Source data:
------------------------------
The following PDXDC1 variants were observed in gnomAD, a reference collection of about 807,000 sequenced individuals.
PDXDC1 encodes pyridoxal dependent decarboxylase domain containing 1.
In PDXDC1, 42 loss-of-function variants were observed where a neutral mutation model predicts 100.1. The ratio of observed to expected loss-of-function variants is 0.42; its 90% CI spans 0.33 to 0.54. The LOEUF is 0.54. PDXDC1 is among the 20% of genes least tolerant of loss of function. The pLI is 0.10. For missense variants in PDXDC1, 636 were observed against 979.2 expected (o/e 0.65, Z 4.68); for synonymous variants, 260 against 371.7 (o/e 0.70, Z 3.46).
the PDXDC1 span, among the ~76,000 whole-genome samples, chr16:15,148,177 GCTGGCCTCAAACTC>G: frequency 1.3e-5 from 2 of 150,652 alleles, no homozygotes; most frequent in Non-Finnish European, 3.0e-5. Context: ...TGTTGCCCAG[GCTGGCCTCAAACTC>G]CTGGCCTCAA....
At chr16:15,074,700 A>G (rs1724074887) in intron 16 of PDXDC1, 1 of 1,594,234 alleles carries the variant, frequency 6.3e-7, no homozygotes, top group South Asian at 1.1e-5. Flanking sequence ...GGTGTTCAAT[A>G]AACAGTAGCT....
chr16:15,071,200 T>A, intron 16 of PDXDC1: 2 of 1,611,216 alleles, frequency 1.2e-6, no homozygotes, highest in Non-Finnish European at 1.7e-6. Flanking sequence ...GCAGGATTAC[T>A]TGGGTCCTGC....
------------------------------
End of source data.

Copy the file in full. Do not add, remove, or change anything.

The following PDXDC1 variants were observed in gnomAD, a reference collection of about 807,000 sequenced individuals.
PDXDC1 encodes pyridoxal dependent decarboxylase domain containing 1.
In PDXDC1, 42 loss-of-function variants were observed where a neutral mutation model predicts 100.1. The ratio of observed to expected loss-of-function variants is 0.42; its 90% CI spans 0.33 to 0.54. The LOEUF is 0.54. PDXDC1 is among the 20% of genes least tolerant of loss of function. The pLI is 0.10. For missense variants in PDXDC1, 636 were observed against 979.2 expected (o/e 0.65, Z 4.68); for synonymous variants, 260 against 371.7 (o/e 0.70, Z 3.46).
the PDXDC1 span, among the ~76,000 whole-genome samples, chr16:15,148,177 GCTGGCCTCAAACTC>G: frequency 1.3e-5 from 2 of 150,652 alleles, no homozygotes; most frequent in Non-Finnish European, 3.0e-5. Context: ...TGTTGCCCAG[GCTGGCCTCAAACTC>G]CTGGCCTCAA....
At chr16:15,074,700 A>G (rs1724074887) in intron 16 of PDXDC1, 1 of 1,594,234 alleles carries the variant, frequency 6.3e-7, no homozygotes, top group South Asian at 1.1e-5. Flanking sequence ...GGTGTTCAAT[A>G]AACAGTAGCT....
chr16:15,071,200 T>A, intron 16 of PDXDC1: 2 of 1,611,216 alleles, frequency 1.2e-6, no homozygotes, highest in Non-Finnish European at 1.7e-6. Flanking sequence ...GCAGGATTAC[T>A]TGGGTCCTGC....